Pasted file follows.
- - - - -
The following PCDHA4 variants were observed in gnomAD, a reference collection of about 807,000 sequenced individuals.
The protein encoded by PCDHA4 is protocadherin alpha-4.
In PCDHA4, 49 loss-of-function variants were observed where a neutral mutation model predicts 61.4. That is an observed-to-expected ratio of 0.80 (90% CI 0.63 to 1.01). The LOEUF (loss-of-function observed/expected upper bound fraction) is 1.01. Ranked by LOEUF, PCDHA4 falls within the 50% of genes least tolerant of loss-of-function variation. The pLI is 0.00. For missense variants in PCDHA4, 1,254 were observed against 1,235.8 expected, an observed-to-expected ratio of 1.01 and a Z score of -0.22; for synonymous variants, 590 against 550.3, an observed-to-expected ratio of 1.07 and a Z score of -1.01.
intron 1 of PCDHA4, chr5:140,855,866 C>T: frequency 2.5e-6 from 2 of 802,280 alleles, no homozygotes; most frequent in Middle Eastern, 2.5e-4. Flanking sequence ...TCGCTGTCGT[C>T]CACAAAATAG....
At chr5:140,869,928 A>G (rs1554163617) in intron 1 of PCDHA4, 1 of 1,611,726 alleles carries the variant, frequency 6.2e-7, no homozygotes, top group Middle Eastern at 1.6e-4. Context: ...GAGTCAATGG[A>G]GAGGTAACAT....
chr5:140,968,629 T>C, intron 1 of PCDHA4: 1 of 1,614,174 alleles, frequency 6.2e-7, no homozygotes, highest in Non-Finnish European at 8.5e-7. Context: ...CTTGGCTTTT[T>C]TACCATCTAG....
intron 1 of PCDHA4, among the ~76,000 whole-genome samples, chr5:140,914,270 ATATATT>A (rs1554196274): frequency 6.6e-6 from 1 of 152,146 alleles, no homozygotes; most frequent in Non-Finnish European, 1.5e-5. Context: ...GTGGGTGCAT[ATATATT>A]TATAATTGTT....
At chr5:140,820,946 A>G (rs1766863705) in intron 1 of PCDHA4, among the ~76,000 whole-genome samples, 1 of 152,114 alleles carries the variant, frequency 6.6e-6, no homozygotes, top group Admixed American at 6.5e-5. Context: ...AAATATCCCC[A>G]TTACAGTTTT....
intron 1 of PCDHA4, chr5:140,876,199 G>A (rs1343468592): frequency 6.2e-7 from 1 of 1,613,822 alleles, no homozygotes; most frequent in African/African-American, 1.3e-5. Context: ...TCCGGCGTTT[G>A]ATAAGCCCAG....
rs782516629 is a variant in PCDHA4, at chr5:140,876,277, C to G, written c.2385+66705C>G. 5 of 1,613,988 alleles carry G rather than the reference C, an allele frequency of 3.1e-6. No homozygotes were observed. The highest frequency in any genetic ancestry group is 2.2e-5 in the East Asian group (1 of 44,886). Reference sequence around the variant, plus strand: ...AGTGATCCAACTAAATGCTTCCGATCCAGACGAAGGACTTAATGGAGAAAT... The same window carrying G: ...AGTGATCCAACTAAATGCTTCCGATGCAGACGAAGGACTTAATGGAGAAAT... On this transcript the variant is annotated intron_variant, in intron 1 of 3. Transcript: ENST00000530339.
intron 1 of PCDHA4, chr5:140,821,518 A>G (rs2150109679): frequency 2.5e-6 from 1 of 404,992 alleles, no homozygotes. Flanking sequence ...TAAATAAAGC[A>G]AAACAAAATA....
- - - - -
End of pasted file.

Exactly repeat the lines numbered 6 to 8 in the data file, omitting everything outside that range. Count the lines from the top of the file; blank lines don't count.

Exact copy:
chr5:140,968,629 T>C, intron 1 of PCDHA4: 1 of 1,614,174 alleles, frequency 6.2e-7, no homozygotes, highest in Non-Finnish European at 8.5e-7. Context: ...CTTGGCTTTT[T>C]TACCATCTAG....
intron 1 of PCDHA4, among the ~76,000 whole-genome samples, chr5:140,914,270 ATATATT>A (rs1554196274): frequency 6.6e-6 from 1 of 152,146 alleles, no homozygotes; most frequent in Non-Finnish European, 1.5e-5. Context: ...GTGGGTGCAT[ATATATT>A]TATAATTGTT....
At chr5:140,820,946 A>G (rs1766863705) in intron 1 of PCDHA4, among the ~76,000 whole-genome samples, 1 of 152,114 alleles carries the variant, frequency 6.6e-6, no homozygotes, top group Admixed American at 6.5e-5. Context: ...AAATATCCCC[A>G]TTACAGTTTT....